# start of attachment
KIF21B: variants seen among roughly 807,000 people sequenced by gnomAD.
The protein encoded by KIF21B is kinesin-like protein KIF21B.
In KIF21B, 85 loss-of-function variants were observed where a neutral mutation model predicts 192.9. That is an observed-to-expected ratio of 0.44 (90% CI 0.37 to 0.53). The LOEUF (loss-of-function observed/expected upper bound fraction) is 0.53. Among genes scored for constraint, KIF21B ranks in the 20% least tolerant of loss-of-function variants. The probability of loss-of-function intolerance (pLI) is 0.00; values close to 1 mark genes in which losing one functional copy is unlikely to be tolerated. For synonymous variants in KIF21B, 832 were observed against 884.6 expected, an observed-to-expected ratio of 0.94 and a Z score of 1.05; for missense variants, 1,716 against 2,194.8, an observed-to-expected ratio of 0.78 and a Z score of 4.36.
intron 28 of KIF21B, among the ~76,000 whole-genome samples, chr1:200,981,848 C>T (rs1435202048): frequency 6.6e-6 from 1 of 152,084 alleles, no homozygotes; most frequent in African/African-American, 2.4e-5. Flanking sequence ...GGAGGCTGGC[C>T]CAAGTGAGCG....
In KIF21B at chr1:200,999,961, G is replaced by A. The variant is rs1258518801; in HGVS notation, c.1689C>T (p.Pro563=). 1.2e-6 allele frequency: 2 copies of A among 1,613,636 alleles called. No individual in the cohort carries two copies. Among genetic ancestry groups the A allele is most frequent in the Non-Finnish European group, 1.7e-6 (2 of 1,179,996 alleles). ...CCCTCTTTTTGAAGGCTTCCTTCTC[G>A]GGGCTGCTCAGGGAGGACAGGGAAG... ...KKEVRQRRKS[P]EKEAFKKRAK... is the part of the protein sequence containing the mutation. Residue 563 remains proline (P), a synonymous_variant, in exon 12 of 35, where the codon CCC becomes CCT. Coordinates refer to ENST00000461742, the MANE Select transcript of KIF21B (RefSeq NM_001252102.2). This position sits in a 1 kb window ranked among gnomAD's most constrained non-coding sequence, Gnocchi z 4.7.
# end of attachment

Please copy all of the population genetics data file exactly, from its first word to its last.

KIF21B: variants seen among roughly 807,000 people sequenced by gnomAD.
The protein encoded by KIF21B is kinesin-like protein KIF21B.
In KIF21B, 85 loss-of-function variants were observed where a neutral mutation model predicts 192.9. That is an observed-to-expected ratio of 0.44 (90% CI 0.37 to 0.53). The LOEUF (loss-of-function observed/expected upper bound fraction) is 0.53. Among genes scored for constraint, KIF21B ranks in the 20% least tolerant of loss-of-function variants. The probability of loss-of-function intolerance (pLI) is 0.00; values close to 1 mark genes in which losing one functional copy is unlikely to be tolerated. For synonymous variants in KIF21B, 832 were observed against 884.6 expected, an observed-to-expected ratio of 0.94 and a Z score of 1.05; for missense variants, 1,716 against 2,194.8, an observed-to-expected ratio of 0.78 and a Z score of 4.36.
intron 28 of KIF21B, among the ~76,000 whole-genome samples, chr1:200,981,848 C>T (rs1435202048): frequency 6.6e-6 from 1 of 152,084 alleles, no homozygotes; most frequent in African/African-American, 2.4e-5. Flanking sequence ...GGAGGCTGGC[C>T]CAAGTGAGCG....
In KIF21B at chr1:200,999,961, G is replaced by A. The variant is rs1258518801; in HGVS notation, c.1689C>T (p.Pro563=). 1.2e-6 allele frequency: 2 copies of A among 1,613,636 alleles called. No individual in the cohort carries two copies. Among genetic ancestry groups the A allele is most frequent in the Non-Finnish European group, 1.7e-6 (2 of 1,179,996 alleles). ...CCCTCTTTTTGAAGGCTTCCTTCTC[G>A]GGGCTGCTCAGGGAGGACAGGGAAG... ...KKEVRQRRKS[P]EKEAFKKRAK... is the part of the protein sequence containing the mutation. Residue 563 remains proline (P), a synonymous_variant, in exon 12 of 35, where the codon CCC becomes CCT. Coordinates refer to ENST00000461742, the MANE Select transcript of KIF21B (RefSeq NM_001252102.2). This position sits in a 1 kb window ranked among gnomAD's most constrained non-coding sequence, Gnocchi z 4.7.